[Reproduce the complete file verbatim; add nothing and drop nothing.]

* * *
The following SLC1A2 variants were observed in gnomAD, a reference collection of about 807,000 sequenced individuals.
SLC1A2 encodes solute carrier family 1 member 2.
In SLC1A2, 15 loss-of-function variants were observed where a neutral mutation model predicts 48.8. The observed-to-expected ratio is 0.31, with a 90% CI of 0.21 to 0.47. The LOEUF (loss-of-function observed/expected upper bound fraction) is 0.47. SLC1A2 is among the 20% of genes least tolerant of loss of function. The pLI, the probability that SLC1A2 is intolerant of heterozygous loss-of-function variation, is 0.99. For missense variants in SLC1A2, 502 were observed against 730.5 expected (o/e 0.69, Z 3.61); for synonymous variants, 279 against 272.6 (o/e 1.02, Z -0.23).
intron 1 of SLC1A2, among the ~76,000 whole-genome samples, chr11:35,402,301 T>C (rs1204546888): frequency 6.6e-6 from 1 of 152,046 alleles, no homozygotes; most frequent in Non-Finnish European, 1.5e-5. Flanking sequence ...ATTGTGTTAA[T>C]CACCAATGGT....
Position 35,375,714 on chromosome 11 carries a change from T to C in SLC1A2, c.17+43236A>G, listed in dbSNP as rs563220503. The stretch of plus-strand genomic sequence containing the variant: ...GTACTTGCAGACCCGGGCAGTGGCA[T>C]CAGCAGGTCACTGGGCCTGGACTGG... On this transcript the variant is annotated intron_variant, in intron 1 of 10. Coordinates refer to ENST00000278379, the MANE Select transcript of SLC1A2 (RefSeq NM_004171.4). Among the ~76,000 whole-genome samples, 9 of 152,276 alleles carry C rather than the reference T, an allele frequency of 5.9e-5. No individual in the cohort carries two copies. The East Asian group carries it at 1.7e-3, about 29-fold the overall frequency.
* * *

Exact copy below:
The following SLC1A2 variants were observed in gnomAD, a reference collection of about 807,000 sequenced individuals.
SLC1A2 encodes solute carrier family 1 member 2.
In SLC1A2, 15 loss-of-function variants were observed where a neutral mutation model predicts 48.8. The observed-to-expected ratio is 0.31, with a 90% CI of 0.21 to 0.47. The LOEUF (loss-of-function observed/expected upper bound fraction) is 0.47. SLC1A2 is among the 20% of genes least tolerant of loss of function. The pLI, the probability that SLC1A2 is intolerant of heterozygous loss-of-function variation, is 0.99. For missense variants in SLC1A2, 502 were observed against 730.5 expected (o/e 0.69, Z 3.61); for synonymous variants, 279 against 272.6 (o/e 1.02, Z -0.23).
intron 1 of SLC1A2, among the ~76,000 whole-genome samples, chr11:35,402,301 T>C (rs1204546888): frequency 6.6e-6 from 1 of 152,046 alleles, no homozygotes; most frequent in Non-Finnish European, 1.5e-5. Flanking sequence ...ATTGTGTTAA[T>C]CACCAATGGT....
Position 35,375,714 on chromosome 11 carries a change from T to C in SLC1A2, c.17+43236A>G, listed in dbSNP as rs563220503. The stretch of plus-strand genomic sequence containing the variant: ...GTACTTGCAGACCCGGGCAGTGGCA[T>C]CAGCAGGTCACTGGGCCTGGACTGG... On this transcript the variant is annotated intron_variant, in intron 1 of 10. Coordinates refer to ENST00000278379, the MANE Select transcript of SLC1A2 (RefSeq NM_004171.4). Among the ~76,000 whole-genome samples, 9 of 152,276 alleles carry C rather than the reference T, an allele frequency of 5.9e-5. No individual in the cohort carries two copies. The East Asian group carries it at 1.7e-3, about 29-fold the overall frequency.